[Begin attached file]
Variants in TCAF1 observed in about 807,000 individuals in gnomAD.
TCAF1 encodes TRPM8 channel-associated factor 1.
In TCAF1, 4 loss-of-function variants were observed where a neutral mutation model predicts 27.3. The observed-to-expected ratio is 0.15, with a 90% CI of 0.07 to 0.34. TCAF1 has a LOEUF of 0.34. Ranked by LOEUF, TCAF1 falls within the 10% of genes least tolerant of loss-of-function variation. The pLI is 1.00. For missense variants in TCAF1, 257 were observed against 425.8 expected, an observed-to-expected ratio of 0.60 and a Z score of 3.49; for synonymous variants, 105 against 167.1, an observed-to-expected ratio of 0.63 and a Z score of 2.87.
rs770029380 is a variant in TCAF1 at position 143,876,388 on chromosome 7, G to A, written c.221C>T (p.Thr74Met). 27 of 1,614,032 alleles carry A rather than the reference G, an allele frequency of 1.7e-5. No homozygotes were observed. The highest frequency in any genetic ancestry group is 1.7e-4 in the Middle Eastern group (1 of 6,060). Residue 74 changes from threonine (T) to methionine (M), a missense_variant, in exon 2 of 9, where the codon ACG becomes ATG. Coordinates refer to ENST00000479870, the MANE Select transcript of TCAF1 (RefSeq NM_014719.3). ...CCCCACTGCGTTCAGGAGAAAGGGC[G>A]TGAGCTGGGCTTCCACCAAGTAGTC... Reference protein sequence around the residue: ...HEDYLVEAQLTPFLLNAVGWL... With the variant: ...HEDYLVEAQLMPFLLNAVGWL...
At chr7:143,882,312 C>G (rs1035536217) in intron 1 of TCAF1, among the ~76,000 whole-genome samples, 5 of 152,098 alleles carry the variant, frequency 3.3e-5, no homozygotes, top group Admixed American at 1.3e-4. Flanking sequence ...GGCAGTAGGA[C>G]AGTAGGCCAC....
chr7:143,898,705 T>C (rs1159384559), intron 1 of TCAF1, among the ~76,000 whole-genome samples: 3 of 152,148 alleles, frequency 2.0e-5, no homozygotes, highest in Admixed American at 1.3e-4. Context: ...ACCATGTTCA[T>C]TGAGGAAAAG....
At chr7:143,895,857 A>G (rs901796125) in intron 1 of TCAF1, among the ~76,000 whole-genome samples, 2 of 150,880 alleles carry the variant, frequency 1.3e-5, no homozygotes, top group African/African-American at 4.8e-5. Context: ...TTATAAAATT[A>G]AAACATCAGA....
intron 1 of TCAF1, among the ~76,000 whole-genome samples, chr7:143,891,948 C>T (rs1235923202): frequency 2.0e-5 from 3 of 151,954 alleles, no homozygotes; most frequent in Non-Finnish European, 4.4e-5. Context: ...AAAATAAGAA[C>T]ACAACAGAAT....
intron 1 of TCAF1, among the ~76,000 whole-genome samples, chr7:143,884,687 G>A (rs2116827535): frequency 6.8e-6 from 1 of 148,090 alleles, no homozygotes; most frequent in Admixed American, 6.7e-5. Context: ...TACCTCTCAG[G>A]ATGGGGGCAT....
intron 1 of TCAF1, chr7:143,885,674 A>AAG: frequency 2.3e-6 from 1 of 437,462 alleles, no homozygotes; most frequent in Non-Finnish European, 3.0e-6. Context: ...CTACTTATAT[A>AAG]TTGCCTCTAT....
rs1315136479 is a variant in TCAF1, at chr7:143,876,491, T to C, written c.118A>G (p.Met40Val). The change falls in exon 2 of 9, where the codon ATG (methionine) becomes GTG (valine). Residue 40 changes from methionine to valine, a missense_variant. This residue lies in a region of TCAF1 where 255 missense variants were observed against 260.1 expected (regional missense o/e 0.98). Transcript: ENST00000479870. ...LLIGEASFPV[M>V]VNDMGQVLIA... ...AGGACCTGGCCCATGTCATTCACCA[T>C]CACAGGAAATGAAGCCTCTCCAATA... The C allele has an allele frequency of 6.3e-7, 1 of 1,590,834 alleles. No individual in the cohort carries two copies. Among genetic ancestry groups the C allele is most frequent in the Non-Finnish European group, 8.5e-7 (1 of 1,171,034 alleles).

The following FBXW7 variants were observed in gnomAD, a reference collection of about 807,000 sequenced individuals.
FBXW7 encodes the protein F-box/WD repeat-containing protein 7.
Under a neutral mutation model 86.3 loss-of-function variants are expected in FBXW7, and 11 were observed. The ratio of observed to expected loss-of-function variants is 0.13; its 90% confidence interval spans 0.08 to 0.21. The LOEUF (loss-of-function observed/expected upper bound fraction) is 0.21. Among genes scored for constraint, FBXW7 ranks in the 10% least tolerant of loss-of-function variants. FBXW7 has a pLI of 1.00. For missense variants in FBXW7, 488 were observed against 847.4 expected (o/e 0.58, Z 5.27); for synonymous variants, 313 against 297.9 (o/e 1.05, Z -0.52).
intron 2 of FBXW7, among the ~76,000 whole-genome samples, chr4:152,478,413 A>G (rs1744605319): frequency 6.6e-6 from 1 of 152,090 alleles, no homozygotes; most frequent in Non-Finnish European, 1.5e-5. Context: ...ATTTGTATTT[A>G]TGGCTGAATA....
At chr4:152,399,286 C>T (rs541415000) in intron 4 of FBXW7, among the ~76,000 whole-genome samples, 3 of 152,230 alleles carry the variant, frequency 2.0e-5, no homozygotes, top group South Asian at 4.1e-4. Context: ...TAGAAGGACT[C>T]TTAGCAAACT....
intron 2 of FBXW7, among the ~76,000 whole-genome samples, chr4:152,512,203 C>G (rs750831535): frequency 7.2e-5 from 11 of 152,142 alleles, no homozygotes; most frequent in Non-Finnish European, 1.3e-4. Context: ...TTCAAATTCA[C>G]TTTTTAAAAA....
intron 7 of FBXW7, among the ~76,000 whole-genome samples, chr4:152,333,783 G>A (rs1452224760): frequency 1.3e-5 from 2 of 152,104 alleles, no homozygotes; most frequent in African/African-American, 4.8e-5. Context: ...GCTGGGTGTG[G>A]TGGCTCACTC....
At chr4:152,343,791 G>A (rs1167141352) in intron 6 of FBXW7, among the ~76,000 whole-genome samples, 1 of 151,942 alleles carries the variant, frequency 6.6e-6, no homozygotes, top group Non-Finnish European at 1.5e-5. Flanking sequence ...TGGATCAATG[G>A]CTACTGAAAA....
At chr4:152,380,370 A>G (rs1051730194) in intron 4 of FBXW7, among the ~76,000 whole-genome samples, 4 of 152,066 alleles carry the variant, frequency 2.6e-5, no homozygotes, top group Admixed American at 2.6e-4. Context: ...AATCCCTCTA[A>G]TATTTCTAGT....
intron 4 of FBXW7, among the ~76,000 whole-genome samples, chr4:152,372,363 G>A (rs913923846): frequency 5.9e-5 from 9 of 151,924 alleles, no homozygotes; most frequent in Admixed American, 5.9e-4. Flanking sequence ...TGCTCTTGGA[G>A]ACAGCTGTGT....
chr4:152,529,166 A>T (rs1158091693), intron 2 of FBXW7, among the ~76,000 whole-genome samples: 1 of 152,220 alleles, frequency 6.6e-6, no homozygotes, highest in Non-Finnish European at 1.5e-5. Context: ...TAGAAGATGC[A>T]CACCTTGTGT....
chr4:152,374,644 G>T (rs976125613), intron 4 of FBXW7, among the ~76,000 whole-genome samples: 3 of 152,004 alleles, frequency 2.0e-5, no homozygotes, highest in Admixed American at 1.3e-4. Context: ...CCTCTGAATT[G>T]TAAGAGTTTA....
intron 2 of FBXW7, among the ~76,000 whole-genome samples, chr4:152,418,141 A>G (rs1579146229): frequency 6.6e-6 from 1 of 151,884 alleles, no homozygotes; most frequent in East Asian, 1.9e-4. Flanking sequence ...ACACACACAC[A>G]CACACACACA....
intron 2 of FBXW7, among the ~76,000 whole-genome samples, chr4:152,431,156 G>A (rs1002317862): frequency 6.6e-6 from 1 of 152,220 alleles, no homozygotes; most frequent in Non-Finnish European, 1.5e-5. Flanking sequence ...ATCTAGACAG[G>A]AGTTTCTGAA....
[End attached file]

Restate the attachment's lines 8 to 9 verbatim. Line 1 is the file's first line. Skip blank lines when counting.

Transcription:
intron 1 of TCAF1, among the ~76,000 whole-genome samples, chr7:143,891,948 C>T (rs1235923202): frequency 2.0e-5 from 3 of 151,954 alleles, no homozygotes; most frequent in Non-Finnish European, 4.4e-5. Context: ...AAAATAAGAA[C>T]ACAACAGAAT....
intron 1 of TCAF1, among the ~76,000 whole-genome samples, chr7:143,884,687 G>A (rs2116827535): frequency 6.8e-6 from 1 of 148,090 alleles, no homozygotes; most frequent in Admixed American, 6.7e-5. Context: ...TACCTCTCAG[G>A]ATGGGGGCAT....